Panthera has partnered with Save the Tiger Fund to bring together two of the most influential and experienced tiger conservation groups in the world.
Save the Tiger Fund + Panthera
In 2011, Panthera and Save the Tiger Fund joined forces to carry out the most effective conservation activities possible to save the future of wild tigers. This partnership combines decades of experience and success in identifying conservation priorities, utilizing best practices, and implementing proven strategies to address the many challenges facing wild tigers today.
From 1995 to 2011, Save the Tiger Fund supported hundreds of wild tiger conservation projects across tiger range states in Asia. In 2006, Panthera launched the Tigers Forever Program to address the most critical threats to tigers and to improve the effectiveness of conservation actions.
Together, Save the Tiger Fund and Panthera will continue to deploy strategically focused financial and technical resources in order to save tigers in the wild by investing greater resources in on-the-ground tiger conservation initiatives utilizing the Tigers Forever strategy, which aims to increase tiger numbers by at least 50% at key sites over a ten-year period.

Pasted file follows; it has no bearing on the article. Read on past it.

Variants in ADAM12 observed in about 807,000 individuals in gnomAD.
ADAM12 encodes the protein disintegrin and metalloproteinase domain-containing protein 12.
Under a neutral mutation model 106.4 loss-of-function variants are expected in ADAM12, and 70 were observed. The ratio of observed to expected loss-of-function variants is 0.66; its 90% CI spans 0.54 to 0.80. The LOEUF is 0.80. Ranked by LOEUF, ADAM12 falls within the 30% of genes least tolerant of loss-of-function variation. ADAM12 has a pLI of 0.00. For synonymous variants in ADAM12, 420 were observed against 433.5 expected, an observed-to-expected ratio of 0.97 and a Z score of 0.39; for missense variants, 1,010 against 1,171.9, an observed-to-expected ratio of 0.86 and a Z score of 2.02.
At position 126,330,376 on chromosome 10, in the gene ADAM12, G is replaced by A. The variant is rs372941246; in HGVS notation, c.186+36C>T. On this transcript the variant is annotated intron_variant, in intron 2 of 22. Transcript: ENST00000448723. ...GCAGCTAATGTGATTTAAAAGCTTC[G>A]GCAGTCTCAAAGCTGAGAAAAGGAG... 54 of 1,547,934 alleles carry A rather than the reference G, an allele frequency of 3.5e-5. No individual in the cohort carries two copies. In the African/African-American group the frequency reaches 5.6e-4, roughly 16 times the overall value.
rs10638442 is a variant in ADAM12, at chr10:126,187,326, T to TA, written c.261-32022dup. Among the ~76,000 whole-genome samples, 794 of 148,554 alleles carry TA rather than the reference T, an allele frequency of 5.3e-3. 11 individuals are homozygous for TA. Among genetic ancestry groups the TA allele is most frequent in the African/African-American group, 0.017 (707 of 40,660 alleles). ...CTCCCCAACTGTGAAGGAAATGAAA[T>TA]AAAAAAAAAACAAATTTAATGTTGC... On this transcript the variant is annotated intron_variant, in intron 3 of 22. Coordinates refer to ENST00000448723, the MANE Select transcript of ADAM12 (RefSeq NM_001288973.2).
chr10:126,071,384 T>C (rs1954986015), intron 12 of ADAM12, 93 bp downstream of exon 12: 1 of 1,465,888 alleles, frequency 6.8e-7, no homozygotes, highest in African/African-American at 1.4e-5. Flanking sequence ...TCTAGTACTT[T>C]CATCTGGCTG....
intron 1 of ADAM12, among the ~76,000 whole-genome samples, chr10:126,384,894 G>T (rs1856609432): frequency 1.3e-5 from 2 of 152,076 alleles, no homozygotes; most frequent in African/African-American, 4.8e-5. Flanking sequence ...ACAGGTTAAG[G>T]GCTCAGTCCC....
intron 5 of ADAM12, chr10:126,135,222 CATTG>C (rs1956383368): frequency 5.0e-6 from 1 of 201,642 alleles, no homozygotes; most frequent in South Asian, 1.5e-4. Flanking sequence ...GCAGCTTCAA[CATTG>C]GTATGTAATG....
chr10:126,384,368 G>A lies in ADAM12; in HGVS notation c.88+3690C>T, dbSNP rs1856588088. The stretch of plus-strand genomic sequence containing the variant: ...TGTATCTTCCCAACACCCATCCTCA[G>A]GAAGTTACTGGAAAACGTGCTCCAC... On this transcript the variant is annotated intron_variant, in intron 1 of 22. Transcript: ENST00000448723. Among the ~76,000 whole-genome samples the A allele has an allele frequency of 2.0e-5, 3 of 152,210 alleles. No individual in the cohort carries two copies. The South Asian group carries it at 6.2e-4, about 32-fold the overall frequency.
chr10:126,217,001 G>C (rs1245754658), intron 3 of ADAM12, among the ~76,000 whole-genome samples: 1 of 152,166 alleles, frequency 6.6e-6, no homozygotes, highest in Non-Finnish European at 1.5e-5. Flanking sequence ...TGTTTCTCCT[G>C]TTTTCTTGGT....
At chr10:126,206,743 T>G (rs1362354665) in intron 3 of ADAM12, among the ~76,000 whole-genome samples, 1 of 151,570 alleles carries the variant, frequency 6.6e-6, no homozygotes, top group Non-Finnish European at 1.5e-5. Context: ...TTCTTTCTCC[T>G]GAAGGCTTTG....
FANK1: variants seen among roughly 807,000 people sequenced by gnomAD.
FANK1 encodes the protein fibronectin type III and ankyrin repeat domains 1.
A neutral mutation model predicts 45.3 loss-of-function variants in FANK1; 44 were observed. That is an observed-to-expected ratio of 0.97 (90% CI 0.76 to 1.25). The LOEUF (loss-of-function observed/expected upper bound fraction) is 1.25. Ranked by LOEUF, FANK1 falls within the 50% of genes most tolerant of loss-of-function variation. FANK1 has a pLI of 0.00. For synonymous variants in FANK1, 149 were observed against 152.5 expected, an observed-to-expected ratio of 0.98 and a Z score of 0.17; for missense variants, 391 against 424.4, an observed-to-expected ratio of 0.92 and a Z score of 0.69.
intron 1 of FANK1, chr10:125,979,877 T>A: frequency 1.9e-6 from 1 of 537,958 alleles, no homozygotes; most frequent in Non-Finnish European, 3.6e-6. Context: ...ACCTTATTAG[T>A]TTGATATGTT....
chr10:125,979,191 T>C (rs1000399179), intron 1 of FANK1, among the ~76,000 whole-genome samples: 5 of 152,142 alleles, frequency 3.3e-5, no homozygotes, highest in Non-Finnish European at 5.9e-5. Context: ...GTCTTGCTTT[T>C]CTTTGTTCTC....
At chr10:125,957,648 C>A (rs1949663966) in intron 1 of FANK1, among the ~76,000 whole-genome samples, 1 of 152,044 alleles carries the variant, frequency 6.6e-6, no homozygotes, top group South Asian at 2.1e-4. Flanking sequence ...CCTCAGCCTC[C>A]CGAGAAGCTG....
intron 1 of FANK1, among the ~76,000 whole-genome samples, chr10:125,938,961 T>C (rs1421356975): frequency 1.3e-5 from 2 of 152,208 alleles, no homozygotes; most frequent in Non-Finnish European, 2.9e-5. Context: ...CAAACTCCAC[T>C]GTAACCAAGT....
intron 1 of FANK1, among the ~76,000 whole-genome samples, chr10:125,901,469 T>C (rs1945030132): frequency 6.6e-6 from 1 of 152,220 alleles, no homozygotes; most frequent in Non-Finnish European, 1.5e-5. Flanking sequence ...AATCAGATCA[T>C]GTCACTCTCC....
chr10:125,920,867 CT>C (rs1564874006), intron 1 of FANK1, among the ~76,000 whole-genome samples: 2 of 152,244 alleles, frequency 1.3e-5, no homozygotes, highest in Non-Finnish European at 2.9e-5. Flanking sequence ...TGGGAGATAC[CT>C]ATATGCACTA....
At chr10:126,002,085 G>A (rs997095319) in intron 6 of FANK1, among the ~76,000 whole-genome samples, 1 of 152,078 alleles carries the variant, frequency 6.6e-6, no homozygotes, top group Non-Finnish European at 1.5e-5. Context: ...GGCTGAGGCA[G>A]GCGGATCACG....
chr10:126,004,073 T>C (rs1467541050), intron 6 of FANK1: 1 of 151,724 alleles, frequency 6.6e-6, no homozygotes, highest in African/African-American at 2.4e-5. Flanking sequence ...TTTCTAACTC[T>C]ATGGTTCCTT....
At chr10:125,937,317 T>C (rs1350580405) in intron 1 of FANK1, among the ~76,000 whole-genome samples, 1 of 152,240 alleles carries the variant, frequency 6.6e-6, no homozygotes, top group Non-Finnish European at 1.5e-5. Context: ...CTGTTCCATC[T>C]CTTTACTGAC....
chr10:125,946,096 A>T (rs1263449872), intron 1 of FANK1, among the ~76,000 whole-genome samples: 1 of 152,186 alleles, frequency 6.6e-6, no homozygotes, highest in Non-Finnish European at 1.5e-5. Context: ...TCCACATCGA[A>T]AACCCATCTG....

The tiger is one of the most iconic animals on earth, but the largest of the big cats is on the brink of extinction. Tigers are globally listed as "Endangered" on the International Union for the Conservation of Nature (IUCN) Red List of Threatened Species. Two of the remaining sub-species — Malayan and Sumatran — are "Critically Endangered." As recently as 100 years ago, as many as 100,000 wild tigers roamed across Asia. Today, about 3,900 tigers are left in the wild, occupying a mere four percent of their former range. This catastrophic population decline is driven by a range of threats, including poaching for the illegal wildlife trade, overhunting of prey species by local people, habitat loss and fragmentation, and human-tiger conflict.
"There are probably no more than 3,900 tigers left in the wild. People are stalking them, people are hunting them, people are taking down the last remnants of their habitat. We can’t let this species go extinct." - Dr. Alan Rabinowitz, CEO, Panthera